These colleagues of mine are experts in their own right, devoted to the power mothers of America. What could a play teach them? Turns out that love and loss and hope and mother/daughter bonds trump theory and marketing trends. At least that’s what their tears and laughter showed me.

Why should marketers care about digging into the personal lives of women? Because that is where the truth is. Not at a desk. Or from an armchair. Or the back of a focus group room. In our hearts. Crossing that boundary from marketer to actor was worth the risk.

Have to say, I didn’t need a PowerPoint to tell a love story.  Neither do Moms.

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My latest project: “The God Box,” full of faith, love and letting go

Imagine traveling the country and learning about women–their deepest and often unspoken feelings? Imagine sharing stories of love, loss, hope with perfect strangers who soon become friends? Imagine seeing faces that reveal that the women they’ve become is rooted in the mother who bore them?…and all the while, raising money for causes in need?

That has been my experience of the past month, every single day.

On April 14th, at the Coaches V Cancer event in my hometown of Philadelphia, I launched my new book The God Box: Sharing my mother’s gift of faith, love and letting go. And seven days a week since then, I have spoken, hugged and shared my story. The book is about the discovery of my Mom’s God Boxes filled with loving prayers, 20 years worth of every worry, hiccup and hope for family, friends and even strangers.

I knew that even writing a book with “God” in the title might make some people wonder what I was up to. After all, business people rarely cross lines of politics or religion or any boundary that might seem too personal. And here I was, on the road talking about faith, motherhood and the heartbreak of losing my mother. But you know what? There’s a lot of yearning out there for honest talk about the relationship that formed us first and the underlying beliefs that get us through life. The book is spiritual and inspirational and I am proud to share that it has been recommended by PARADE, Redbook, Family Circle and this week by USA Today as the number one book for Mother’s Day.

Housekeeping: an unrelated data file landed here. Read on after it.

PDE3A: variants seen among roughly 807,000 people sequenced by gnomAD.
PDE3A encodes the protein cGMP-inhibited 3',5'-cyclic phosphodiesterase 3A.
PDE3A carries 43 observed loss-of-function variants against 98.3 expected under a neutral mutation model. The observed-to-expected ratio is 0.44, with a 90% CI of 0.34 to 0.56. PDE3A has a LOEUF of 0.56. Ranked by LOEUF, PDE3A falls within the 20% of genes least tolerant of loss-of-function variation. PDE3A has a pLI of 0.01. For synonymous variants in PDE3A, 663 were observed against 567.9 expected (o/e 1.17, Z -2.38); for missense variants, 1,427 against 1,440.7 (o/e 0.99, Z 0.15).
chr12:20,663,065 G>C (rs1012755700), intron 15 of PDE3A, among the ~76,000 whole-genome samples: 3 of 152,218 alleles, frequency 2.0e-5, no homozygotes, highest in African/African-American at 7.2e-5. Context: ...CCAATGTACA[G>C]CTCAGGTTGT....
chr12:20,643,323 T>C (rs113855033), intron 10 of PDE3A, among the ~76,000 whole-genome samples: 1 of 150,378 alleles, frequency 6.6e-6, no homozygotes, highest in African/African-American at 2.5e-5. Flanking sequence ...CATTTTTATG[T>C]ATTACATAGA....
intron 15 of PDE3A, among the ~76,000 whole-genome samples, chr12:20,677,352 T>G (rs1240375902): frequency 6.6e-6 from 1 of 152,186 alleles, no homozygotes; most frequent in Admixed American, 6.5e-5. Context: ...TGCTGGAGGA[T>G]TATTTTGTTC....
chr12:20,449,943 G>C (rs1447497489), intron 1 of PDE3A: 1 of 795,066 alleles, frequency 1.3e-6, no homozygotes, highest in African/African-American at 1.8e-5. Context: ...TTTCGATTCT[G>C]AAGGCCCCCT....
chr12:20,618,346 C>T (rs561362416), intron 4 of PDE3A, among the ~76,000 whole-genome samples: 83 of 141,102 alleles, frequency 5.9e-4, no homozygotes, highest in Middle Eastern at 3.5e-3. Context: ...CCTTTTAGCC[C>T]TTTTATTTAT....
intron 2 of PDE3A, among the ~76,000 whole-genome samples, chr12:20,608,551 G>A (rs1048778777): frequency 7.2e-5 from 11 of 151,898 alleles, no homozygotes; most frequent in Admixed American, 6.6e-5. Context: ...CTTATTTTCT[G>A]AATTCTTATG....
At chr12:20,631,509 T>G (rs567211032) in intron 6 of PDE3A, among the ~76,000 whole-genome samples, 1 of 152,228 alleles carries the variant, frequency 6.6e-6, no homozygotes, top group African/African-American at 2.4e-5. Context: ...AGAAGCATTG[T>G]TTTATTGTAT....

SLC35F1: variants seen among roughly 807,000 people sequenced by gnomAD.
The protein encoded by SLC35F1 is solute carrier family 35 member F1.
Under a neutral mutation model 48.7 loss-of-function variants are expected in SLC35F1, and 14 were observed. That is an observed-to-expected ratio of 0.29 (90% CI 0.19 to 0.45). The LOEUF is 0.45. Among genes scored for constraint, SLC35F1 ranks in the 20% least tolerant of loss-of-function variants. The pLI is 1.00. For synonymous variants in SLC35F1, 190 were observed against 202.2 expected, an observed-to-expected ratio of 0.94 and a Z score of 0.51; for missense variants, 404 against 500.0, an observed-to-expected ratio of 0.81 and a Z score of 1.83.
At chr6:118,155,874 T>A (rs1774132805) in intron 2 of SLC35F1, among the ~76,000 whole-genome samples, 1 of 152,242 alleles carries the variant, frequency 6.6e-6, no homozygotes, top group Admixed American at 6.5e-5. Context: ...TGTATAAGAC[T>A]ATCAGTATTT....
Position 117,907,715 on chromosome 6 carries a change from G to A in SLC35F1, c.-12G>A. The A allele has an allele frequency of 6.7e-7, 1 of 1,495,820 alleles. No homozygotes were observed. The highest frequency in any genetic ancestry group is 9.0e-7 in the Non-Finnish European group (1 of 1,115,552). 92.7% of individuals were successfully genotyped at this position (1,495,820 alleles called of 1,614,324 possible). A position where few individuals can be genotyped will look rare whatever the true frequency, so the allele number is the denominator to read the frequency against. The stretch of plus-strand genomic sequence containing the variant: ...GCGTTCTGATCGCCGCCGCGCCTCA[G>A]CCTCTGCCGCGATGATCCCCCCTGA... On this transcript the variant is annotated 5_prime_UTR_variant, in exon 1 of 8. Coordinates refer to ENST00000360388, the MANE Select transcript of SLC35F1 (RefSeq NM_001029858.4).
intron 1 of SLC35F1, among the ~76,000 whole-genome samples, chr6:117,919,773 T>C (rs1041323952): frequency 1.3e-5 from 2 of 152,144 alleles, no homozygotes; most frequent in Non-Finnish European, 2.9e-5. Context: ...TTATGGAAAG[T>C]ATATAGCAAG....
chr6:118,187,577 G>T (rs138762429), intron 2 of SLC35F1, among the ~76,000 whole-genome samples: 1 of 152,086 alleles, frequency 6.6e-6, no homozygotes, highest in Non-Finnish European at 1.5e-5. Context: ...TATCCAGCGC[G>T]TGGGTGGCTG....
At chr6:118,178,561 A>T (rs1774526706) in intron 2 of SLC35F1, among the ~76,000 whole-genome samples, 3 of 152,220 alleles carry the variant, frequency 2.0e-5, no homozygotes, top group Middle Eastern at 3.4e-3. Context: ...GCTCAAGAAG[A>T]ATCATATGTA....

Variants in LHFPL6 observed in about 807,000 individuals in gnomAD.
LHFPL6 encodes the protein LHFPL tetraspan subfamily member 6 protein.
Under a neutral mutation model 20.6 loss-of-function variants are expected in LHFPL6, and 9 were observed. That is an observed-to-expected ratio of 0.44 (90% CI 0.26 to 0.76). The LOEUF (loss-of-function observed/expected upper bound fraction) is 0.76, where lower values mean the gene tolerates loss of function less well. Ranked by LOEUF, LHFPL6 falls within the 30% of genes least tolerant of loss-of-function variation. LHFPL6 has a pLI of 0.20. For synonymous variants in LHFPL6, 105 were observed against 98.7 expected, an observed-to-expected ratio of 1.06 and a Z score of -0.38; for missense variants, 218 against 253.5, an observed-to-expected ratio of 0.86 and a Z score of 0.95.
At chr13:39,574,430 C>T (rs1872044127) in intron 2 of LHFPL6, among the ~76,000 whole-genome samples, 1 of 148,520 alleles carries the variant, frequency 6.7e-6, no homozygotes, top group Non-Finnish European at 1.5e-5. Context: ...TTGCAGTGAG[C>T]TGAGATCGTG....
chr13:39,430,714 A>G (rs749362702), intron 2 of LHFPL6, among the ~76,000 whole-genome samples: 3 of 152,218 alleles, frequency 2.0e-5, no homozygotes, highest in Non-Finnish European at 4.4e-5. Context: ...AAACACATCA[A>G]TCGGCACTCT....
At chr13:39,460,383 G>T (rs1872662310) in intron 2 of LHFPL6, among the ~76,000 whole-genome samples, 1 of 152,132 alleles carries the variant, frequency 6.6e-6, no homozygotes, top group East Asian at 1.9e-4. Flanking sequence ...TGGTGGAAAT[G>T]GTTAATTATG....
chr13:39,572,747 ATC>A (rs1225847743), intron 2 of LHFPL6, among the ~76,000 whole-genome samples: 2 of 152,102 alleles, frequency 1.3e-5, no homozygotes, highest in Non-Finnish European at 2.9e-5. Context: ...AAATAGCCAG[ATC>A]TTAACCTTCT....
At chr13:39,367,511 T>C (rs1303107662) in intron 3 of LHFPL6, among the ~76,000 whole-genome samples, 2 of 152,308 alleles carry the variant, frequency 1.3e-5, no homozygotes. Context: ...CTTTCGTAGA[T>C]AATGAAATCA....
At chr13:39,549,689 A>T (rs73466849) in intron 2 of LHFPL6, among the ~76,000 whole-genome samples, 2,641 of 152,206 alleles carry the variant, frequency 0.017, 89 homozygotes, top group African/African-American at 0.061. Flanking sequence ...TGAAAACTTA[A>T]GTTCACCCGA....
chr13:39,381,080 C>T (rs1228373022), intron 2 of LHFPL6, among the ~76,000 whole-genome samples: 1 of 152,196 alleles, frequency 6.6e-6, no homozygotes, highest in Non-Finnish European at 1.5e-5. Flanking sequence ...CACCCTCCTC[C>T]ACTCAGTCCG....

We have been covered in the Wall St. Journal, the Huffington Post and the NY Post and I’ve written blogs for the New York Times’ Motherlode, Parents.com, Belief. net and this Sunday for the Wall St. Journal, all exploring the nature of mothers, both in life and after death.

The book garnered bestseller status in the first two weeks on amazon and Barnes and Noble and both the online and brick and mortar stores blew through their stock in a heartbeat. We have gone to a second printing and we are just getting started. The book is not about one holiday or one life. But about the hopes we harbor for those we love and the way we can learn to let go.

I have traveled so many miles and frankly, shed some tears but I sit here a month later and want to say, this is the loveliest journey into understanding women that I have ever taken. And men are along for this ride too. And in my own way, I believe my Mom is enjoying it as well.